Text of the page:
Data Localization Laws and Policy
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Data Localization Laws and Policy

The EU Data Protection International Transfers Restriction Through a Cloud Computing Lens

W. Kuan Hon

Countries are increasingly introducing data localization laws, threatening digital globalization and inhibiting cloud computing adoption despite its acknowledged benefits. This multi-disciplinary book analyzes the EU restriction (including the Privacy Shield and General Data Protection Regulation) through a cloud computing lens, covering historical objectives and practical problems, showing why the focus should move from physical data location to effective jurisdiction over those controlling access to intelligible data, and control of access to data through security.
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Chapter 8: Summary and recommendations

The EU Data Protection International Transfers Restriction Through a Cloud Computing Lens

W. Kuan Hon

Abstract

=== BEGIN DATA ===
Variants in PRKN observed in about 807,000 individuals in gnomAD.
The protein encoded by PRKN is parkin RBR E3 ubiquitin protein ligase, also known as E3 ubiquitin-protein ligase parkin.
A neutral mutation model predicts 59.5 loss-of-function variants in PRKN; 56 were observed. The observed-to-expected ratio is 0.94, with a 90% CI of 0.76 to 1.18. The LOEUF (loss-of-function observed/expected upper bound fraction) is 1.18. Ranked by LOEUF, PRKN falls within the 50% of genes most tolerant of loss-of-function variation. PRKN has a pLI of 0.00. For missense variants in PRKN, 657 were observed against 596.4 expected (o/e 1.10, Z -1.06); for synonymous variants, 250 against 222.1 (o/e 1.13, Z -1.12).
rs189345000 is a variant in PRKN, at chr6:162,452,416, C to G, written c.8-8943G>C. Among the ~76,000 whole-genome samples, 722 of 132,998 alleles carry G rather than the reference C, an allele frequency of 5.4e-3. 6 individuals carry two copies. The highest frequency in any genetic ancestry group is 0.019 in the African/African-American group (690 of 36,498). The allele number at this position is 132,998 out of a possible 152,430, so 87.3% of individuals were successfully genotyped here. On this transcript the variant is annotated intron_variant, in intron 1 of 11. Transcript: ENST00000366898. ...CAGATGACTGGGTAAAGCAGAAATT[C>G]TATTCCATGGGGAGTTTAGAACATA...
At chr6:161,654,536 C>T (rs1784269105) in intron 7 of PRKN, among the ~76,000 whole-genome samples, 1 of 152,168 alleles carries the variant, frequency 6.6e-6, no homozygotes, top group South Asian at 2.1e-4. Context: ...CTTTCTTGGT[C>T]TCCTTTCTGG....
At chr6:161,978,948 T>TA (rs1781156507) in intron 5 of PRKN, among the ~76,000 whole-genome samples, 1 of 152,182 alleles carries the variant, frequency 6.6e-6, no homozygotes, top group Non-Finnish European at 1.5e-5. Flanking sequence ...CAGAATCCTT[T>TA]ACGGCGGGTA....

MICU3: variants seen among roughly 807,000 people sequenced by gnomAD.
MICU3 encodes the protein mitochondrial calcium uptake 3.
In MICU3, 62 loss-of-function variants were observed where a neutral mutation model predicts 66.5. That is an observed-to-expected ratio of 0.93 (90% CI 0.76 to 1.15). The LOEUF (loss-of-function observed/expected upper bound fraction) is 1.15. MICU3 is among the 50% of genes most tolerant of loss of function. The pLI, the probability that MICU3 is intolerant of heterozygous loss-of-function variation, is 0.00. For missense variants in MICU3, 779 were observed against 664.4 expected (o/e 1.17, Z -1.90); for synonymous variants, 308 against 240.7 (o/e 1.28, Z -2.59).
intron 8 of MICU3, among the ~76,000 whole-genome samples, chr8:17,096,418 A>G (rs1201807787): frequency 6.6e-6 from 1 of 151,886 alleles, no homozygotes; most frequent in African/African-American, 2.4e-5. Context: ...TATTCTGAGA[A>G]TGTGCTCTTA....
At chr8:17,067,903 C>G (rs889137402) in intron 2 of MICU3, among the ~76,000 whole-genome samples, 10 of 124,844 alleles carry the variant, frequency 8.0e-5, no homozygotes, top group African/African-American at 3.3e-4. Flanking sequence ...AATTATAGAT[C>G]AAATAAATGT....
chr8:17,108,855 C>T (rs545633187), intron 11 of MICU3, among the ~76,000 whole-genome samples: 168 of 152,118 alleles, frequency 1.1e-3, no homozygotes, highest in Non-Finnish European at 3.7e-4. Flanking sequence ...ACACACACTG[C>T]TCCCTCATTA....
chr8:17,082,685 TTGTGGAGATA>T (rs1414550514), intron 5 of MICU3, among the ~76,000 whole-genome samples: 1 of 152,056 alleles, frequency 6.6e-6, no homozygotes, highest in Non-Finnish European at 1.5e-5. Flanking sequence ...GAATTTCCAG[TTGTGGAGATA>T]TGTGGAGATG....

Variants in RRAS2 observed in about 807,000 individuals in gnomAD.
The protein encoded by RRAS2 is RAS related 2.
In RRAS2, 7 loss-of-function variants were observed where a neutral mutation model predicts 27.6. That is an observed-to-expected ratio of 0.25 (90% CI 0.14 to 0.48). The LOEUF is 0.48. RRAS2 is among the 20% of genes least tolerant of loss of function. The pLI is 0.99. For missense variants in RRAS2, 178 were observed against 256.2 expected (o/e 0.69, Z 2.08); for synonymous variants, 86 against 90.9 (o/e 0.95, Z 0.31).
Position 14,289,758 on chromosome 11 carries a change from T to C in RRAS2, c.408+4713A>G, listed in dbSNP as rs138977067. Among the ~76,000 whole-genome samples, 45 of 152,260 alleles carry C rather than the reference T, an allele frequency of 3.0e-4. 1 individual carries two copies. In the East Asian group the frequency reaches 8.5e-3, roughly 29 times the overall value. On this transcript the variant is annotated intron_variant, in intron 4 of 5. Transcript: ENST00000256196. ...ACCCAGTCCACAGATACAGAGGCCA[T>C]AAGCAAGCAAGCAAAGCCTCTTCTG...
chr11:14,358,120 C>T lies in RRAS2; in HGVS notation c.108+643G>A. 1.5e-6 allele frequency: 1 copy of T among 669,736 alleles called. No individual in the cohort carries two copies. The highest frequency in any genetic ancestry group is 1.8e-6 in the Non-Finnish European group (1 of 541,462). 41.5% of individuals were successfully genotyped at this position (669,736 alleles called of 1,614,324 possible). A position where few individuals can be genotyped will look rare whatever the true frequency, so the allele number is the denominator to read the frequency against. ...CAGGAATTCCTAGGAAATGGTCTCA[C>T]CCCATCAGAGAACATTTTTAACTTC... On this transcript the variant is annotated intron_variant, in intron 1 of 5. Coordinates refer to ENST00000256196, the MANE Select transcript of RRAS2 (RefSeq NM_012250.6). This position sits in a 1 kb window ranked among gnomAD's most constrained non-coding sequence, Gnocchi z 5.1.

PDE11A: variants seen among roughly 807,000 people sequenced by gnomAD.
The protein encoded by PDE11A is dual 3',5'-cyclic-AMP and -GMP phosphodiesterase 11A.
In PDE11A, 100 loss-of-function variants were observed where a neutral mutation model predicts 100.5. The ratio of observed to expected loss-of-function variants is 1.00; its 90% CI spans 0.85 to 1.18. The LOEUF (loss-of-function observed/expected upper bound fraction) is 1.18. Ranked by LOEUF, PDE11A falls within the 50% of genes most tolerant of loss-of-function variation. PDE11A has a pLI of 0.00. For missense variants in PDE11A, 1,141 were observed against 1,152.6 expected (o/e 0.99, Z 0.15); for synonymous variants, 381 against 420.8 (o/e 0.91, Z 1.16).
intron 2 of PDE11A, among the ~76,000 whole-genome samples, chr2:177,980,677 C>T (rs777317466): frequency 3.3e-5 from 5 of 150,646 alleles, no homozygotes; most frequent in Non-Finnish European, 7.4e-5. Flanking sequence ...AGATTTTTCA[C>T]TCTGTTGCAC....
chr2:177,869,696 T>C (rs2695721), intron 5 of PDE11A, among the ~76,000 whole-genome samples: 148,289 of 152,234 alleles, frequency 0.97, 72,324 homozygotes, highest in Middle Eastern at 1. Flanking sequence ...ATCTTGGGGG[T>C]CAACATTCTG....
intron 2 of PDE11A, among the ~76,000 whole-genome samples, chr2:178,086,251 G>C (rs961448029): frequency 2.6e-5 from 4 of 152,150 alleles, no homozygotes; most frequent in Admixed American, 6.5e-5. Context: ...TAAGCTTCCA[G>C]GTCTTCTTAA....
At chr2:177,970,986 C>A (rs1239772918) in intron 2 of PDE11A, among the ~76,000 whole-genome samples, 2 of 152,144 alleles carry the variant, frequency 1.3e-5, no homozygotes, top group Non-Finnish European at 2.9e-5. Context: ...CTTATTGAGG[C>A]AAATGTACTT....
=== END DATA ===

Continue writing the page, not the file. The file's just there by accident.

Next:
• The Restriction’s legislative aim: prevent controllers from circumventing data protection principles by moving personal data outside the EU. • ‘Transfer’, jurisdiction, regulators’ data location fixation and data localization. • Mismatch between the Restriction’s assumptions and modern realities. • Allowing transfers, particularly to processors. Problems with mechanisms and onward transfers; the GDPR’s deprecation of technological protections like encryption. • Problems enforcing the Restriction. • Focus on access and security instead, to achieve the Restriction’s aims better. • Policy recommendations: abolish data localization restrictions. Otherwise, define ‘transfer’ by reference to recipients and jurisdiction; distinguish ‘transmissions’ (intelligible access); extend E-Commerce Directive defences to intermediaries without intelligible access; define and exclude ‘transit’; encourage risk-based self-assessment; continue ‘block’ mechanisms (valid, absent contrary evidence); incentivize technical protections equally with legal protections; promote third party expert certifications; seek international agreement to resolve conflicting jurisdictions and state surveillance’s limits/oversight, meanwhile increasing international regulatory cooperation on privacy. Keywords: policy, data localization, data sovereignty, jurisdiction, international transfers, cloud computing

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